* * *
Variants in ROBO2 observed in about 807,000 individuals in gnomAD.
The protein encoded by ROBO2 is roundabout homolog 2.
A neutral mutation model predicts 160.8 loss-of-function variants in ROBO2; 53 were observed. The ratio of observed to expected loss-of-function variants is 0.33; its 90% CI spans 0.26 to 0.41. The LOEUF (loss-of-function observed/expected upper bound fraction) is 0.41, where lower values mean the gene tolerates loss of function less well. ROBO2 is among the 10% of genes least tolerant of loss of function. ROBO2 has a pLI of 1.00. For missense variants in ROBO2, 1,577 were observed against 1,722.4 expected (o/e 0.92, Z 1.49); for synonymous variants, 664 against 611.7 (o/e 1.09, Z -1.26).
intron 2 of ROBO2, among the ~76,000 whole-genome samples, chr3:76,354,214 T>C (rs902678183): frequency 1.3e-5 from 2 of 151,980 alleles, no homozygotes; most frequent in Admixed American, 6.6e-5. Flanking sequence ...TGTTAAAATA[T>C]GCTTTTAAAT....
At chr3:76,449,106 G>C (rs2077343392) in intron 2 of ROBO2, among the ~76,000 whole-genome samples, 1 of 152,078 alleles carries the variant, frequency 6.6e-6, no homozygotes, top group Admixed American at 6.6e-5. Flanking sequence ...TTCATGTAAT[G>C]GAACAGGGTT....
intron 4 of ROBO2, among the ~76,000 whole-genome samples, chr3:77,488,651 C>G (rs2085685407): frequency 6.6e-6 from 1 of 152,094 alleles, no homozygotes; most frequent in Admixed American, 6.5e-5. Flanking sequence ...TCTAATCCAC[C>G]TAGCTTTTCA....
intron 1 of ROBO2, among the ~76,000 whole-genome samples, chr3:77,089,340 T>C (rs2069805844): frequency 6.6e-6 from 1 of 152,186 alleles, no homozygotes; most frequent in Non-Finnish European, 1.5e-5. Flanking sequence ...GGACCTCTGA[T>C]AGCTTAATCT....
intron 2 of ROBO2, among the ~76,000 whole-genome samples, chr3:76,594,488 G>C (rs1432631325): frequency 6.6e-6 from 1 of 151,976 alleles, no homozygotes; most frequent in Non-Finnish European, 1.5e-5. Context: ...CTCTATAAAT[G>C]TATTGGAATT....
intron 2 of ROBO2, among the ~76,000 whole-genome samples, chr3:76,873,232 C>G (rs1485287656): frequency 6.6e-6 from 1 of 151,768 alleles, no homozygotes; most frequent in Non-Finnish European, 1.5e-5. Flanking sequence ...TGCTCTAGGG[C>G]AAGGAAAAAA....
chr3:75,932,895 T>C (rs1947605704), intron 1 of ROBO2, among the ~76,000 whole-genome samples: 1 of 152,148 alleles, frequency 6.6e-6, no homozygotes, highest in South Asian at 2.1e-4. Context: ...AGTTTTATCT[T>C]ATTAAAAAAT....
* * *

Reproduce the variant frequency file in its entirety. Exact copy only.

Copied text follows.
Variants in ROBO2 observed in about 807,000 individuals in gnomAD.
The protein encoded by ROBO2 is roundabout homolog 2.
A neutral mutation model predicts 160.8 loss-of-function variants in ROBO2; 53 were observed. The ratio of observed to expected loss-of-function variants is 0.33; its 90% CI spans 0.26 to 0.41. The LOEUF (loss-of-function observed/expected upper bound fraction) is 0.41, where lower values mean the gene tolerates loss of function less well. ROBO2 is among the 10% of genes least tolerant of loss of function. ROBO2 has a pLI of 1.00. For missense variants in ROBO2, 1,577 were observed against 1,722.4 expected (o/e 0.92, Z 1.49); for synonymous variants, 664 against 611.7 (o/e 1.09, Z -1.26).
intron 2 of ROBO2, among the ~76,000 whole-genome samples, chr3:76,354,214 T>C (rs902678183): frequency 1.3e-5 from 2 of 151,980 alleles, no homozygotes; most frequent in Admixed American, 6.6e-5. Flanking sequence ...TGTTAAAATA[T>C]GCTTTTAAAT....
At chr3:76,449,106 G>C (rs2077343392) in intron 2 of ROBO2, among the ~76,000 whole-genome samples, 1 of 152,078 alleles carries the variant, frequency 6.6e-6, no homozygotes, top group Admixed American at 6.6e-5. Flanking sequence ...TTCATGTAAT[G>C]GAACAGGGTT....
intron 4 of ROBO2, among the ~76,000 whole-genome samples, chr3:77,488,651 C>G (rs2085685407): frequency 6.6e-6 from 1 of 152,094 alleles, no homozygotes; most frequent in Admixed American, 6.5e-5. Flanking sequence ...TCTAATCCAC[C>G]TAGCTTTTCA....
intron 1 of ROBO2, among the ~76,000 whole-genome samples, chr3:77,089,340 T>C (rs2069805844): frequency 6.6e-6 from 1 of 152,186 alleles, no homozygotes; most frequent in Non-Finnish European, 1.5e-5. Flanking sequence ...GGACCTCTGA[T>C]AGCTTAATCT....
intron 2 of ROBO2, among the ~76,000 whole-genome samples, chr3:76,594,488 G>C (rs1432631325): frequency 6.6e-6 from 1 of 151,976 alleles, no homozygotes; most frequent in Non-Finnish European, 1.5e-5. Context: ...CTCTATAAAT[G>C]TATTGGAATT....
intron 2 of ROBO2, among the ~76,000 whole-genome samples, chr3:76,873,232 C>G (rs1485287656): frequency 6.6e-6 from 1 of 151,768 alleles, no homozygotes; most frequent in Non-Finnish European, 1.5e-5. Flanking sequence ...TGCTCTAGGG[C>G]AAGGAAAAAA....
chr3:75,932,895 T>C (rs1947605704), intron 1 of ROBO2, among the ~76,000 whole-genome samples: 1 of 152,148 alleles, frequency 6.6e-6, no homozygotes, highest in South Asian at 2.1e-4. Context: ...AGTTTTATCT[T>C]ATTAAAAAAT....